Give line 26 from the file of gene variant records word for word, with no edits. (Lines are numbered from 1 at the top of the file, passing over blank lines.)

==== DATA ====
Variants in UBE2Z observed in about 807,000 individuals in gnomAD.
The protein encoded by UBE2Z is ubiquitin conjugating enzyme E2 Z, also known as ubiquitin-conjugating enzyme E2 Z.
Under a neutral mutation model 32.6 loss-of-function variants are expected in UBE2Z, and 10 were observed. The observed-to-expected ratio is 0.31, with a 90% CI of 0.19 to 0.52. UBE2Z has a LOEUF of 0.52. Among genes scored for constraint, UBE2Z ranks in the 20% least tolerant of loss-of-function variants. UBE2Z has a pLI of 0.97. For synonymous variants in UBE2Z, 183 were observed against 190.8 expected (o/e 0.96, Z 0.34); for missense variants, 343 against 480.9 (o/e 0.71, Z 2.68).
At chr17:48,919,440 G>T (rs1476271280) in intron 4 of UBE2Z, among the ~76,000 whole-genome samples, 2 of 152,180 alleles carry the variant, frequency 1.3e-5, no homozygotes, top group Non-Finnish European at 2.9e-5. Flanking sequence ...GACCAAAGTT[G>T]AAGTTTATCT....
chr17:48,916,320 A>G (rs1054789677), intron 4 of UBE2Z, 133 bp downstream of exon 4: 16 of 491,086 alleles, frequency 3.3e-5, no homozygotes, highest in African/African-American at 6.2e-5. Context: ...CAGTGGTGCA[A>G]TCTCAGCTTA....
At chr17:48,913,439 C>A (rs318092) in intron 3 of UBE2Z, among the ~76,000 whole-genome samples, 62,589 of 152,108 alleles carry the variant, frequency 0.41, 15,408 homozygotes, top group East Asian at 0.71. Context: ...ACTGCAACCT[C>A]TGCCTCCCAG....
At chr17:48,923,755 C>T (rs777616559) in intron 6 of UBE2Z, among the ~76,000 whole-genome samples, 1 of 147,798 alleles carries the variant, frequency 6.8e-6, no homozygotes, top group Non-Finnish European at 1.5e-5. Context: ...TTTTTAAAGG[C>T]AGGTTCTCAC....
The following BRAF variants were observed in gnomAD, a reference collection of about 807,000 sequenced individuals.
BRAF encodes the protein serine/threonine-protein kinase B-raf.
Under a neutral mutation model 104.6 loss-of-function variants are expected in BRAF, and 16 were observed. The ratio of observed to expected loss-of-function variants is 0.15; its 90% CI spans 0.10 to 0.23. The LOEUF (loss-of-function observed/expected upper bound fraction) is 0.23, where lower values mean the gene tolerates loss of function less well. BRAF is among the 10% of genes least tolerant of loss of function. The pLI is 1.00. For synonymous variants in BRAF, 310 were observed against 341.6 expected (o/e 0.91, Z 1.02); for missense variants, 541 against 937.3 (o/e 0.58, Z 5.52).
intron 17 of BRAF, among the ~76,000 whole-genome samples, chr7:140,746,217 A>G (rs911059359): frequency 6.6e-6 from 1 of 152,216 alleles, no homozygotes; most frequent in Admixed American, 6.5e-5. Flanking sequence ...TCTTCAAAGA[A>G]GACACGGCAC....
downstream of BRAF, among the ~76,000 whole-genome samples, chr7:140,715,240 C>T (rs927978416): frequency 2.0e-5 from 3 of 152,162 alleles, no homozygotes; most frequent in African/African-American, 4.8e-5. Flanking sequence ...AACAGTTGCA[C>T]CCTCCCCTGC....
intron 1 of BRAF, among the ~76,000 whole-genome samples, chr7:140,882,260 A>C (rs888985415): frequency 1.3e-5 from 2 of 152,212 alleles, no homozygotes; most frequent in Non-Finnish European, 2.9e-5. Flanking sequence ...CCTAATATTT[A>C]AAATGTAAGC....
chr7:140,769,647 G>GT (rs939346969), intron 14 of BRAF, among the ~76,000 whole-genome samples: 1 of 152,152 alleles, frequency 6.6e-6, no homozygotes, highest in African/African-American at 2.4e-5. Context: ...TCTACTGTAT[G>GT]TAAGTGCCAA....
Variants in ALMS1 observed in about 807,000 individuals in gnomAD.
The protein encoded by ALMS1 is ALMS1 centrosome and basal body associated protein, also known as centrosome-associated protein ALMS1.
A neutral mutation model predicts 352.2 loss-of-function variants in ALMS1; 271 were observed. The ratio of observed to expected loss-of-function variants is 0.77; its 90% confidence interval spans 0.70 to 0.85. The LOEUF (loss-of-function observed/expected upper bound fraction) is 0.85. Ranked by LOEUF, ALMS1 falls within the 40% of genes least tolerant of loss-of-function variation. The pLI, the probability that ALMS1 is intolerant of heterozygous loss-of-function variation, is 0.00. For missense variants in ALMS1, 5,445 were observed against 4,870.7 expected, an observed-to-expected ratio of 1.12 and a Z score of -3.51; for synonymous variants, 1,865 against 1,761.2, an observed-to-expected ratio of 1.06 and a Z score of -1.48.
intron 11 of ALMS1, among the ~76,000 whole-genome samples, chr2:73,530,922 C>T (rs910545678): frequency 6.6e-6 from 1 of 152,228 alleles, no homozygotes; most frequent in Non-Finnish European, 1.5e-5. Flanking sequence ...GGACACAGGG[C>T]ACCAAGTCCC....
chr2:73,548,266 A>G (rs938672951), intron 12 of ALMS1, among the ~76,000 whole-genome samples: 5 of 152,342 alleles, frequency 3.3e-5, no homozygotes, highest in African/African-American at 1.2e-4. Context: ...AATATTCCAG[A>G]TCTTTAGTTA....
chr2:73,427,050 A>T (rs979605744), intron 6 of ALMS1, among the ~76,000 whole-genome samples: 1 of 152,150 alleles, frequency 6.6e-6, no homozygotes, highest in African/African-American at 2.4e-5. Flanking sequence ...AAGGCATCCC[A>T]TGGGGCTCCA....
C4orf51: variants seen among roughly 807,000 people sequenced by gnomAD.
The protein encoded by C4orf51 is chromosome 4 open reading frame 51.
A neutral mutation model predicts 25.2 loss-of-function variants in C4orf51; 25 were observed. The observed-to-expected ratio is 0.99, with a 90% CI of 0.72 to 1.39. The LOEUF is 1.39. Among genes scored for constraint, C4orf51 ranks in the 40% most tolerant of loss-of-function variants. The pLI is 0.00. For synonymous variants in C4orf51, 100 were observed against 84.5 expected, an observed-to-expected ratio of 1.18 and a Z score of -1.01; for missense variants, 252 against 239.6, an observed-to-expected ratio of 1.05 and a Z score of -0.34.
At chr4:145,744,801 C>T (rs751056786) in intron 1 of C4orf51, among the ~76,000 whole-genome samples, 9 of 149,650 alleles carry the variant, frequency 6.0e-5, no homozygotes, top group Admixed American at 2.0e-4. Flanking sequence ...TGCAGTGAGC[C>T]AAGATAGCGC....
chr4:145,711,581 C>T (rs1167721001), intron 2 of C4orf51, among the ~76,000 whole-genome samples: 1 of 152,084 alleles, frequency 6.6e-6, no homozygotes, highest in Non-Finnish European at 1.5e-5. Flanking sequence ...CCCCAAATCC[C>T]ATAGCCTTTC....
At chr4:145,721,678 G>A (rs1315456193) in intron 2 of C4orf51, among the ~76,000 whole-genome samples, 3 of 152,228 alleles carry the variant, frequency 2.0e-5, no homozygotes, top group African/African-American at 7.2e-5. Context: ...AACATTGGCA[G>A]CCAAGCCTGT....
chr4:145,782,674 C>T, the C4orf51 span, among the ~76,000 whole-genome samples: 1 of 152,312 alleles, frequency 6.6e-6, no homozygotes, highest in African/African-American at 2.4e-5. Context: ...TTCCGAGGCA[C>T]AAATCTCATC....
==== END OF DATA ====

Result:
At chr4:145,721,678 G>A (rs1315456193) in intron 2 of C4orf51, among the ~76,000 whole-genome samples, 3 of 152,228 alleles carry the variant, frequency 2.0e-5, no homozygotes, top group African/African-American at 7.2e-5. Context: ...AACATTGGCA[G>A]CCAAGCCTGT....